When it comes to computing, Ava Wandersleben is dynamic, curious and motivated. So much so that she wants to make sure that other young girls can also pursue in the field.
The rising high school student from Watkins Memorial High School is hosting a coding camp, called Putting Sisterhood in STEMfor girls aged 5-9 to teach them the basics of web programming languages known as HTML and CSS.
Ava said it’s important for young girls to learn these basic skills as technology becomes more ingrained in everyday life.
“Especially for girls, they definitely need a place for themselves to explore STEM, knowing that it’s good for girls to do these things and to have female role models,” she said. declared.
The camp, which Ava is hosting as part of a Girl Scout project, will take place on four consecutive Saturdays from July 23 to August 23. 13. Participants must attend three of the four classes, which will be taught virtually from 7:30 a.m. to 11:30 a.m. July 21 is the last day to register.
Girls often lose interest in science, technology, engineering and math in middle school, says a 2017 study by Microsoft.
Creating a course specifically for primary school girls was important to Ava, so that girls could build their interest in STEM from an early age.
Ava said that through her involvement with the Girls Who Code club and the robotics team at Watkins Memorial, they discussed ways to keep girls from losing interest in STEM with their advisor, Teresa Gordon.
And through her project, Ava is taking steps to ensure girls realize STEM is open to them, Gordon said.
“The motivation is to connect with the girls and encourage them to stay in STEM through high school and then into their careers,” she said of the camp. “For me, it’s so exciting and empowering to see a young woman take this direction and do something.”
Gordon, who teaches computer science at Watkins Memorial, said the Girls Who Code Club has become an “empowerment sisterhood”.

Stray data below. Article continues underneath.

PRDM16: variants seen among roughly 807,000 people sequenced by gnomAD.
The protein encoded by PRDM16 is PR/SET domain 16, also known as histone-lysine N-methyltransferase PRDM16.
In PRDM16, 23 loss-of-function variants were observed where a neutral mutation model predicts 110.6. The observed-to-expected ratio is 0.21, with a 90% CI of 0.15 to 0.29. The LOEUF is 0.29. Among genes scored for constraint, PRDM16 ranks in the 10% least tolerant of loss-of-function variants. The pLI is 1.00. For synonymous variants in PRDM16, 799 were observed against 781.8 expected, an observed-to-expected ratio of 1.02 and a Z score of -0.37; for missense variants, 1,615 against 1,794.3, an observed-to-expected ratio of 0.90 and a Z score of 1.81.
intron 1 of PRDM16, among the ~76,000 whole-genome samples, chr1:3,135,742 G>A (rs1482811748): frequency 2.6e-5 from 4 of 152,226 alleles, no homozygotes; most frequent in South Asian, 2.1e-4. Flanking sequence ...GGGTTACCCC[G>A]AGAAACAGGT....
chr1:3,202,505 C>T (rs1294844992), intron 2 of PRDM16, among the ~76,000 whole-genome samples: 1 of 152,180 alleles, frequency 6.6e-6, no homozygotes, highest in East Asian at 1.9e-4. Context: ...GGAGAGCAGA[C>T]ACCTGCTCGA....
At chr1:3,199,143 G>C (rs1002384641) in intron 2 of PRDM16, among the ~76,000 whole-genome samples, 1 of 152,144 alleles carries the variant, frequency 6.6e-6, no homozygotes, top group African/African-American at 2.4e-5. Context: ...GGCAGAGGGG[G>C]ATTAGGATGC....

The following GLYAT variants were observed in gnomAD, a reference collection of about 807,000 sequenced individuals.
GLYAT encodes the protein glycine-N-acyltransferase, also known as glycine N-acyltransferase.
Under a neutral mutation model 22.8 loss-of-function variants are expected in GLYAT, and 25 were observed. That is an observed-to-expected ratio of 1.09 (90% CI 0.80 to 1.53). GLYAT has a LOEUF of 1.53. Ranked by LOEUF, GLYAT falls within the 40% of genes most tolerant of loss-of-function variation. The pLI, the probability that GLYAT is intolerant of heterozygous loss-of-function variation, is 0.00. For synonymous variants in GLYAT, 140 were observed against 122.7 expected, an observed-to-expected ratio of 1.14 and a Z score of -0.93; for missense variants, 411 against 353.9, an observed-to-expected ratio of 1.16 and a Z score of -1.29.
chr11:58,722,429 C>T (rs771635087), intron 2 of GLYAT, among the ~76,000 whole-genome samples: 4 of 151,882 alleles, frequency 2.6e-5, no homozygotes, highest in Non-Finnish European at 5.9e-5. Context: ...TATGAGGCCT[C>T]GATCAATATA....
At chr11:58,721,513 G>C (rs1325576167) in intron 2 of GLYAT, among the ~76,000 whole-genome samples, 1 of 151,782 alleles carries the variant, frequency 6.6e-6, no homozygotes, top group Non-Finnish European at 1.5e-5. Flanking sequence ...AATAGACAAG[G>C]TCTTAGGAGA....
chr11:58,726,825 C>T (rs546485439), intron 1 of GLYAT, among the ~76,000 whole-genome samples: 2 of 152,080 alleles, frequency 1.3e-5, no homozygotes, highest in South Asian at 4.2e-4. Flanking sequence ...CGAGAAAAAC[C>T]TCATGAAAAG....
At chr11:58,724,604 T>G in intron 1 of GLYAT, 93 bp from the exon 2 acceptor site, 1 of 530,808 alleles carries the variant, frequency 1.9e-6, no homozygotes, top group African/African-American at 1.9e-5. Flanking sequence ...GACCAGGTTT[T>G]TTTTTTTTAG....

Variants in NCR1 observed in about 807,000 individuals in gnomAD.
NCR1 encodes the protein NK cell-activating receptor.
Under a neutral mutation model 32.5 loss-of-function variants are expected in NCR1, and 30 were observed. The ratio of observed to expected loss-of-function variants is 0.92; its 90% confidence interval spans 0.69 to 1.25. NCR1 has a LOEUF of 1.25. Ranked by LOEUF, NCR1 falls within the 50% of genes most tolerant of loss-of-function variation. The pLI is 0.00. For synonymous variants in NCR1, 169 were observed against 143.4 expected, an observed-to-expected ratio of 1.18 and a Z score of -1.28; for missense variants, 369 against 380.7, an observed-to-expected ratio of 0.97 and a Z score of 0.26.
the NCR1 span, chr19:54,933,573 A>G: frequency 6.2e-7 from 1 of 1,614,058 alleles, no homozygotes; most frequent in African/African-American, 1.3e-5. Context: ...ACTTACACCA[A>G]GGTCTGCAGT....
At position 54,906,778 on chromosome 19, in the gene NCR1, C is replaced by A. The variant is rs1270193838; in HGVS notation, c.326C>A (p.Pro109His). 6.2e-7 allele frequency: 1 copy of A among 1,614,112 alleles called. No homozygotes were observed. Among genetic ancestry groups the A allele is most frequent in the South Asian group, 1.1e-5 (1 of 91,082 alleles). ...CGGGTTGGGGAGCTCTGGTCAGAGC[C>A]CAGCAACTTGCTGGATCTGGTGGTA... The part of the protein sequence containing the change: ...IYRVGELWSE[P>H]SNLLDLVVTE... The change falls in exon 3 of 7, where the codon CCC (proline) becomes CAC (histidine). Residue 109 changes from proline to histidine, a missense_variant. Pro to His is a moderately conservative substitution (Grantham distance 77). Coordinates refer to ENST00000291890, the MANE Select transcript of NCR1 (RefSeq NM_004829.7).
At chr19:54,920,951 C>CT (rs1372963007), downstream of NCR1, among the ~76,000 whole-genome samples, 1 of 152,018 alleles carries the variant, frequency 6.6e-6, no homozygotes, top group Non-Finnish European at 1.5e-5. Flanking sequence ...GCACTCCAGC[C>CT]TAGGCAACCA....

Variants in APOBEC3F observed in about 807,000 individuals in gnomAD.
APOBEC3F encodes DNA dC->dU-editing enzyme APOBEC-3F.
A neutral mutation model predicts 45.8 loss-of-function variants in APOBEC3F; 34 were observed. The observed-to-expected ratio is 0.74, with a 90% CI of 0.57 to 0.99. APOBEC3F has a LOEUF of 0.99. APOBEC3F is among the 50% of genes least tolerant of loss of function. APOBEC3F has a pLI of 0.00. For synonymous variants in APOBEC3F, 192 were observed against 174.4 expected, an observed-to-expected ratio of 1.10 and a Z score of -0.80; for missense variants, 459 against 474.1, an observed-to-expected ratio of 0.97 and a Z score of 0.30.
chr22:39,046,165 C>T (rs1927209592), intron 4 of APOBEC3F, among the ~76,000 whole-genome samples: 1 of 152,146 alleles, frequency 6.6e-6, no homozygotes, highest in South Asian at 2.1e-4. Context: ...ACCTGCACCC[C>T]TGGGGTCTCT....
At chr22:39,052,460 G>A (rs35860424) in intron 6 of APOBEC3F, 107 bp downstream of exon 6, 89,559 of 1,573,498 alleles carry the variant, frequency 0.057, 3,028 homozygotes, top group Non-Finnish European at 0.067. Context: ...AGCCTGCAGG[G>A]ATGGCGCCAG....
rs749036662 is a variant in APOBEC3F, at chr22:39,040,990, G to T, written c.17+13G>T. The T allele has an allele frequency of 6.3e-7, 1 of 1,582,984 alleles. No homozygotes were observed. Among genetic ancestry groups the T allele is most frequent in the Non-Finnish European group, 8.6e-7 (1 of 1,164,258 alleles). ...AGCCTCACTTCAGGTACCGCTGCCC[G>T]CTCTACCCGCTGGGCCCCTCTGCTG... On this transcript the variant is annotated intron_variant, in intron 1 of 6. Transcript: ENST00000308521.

“We support each other and it doesn’t have to be about IT, it’s just really women supporting women, and you can do whatever you want to do,” he said. she stated.
And through the robotics team, Gordon said she pushed the girls, including Ava, to be more active, just like the boys.
Coding camp is another way Ava gets hands-on. She said she created the program herself based on concepts she learned in Gordon’s class as well as a college-level HTML course she took. She will also teach it alongside her younger sister, Kaitlyn.
Ava’s love for computing won’t stop with her Girl Scout project, and she plans to major in the subject once she’s in college.
“I think what I love so much about computing is that it forces you to think and it’s almost like solving a puzzle with every problem that comes your way,” she said. “If you just reason, you get to the answer and it’s really fun when you can get there because you know you love having to think really hard to get there.”
The camp is part of Ava’s Gold Award project. The Gold Award is Girl Scouting’s most prestigious award and requires girls to create a lasting solution to a real-world problem, according to Girl Scouts of the USA.
Ava’s goal is for camp participants to spread the message that STEM and IT is a place for girls to succeed.
“What I hope is that these girls will keep these skills with them for a while and then they can show their passion for STEM to other girls who may not have been able to come or didn’t know about it,” she said.
Gordon said that beyond camp, Ava will continue to make a difference for the girls because she is motivated not only for herself but also for others.
“She’s a really good person who will help anyone, you know, whatever she knows, she’ll be there for anyone,” she said. “I expect great things from her in the future just because of the kind of person she is.”
If you are going to
What: Bringing the sister community into STEM coding camp
When: 7:30 a.m. to 11:30 a.m. on July 23, July 30, August 6 and August 13
Register on https://bit.ly/3aIecwd.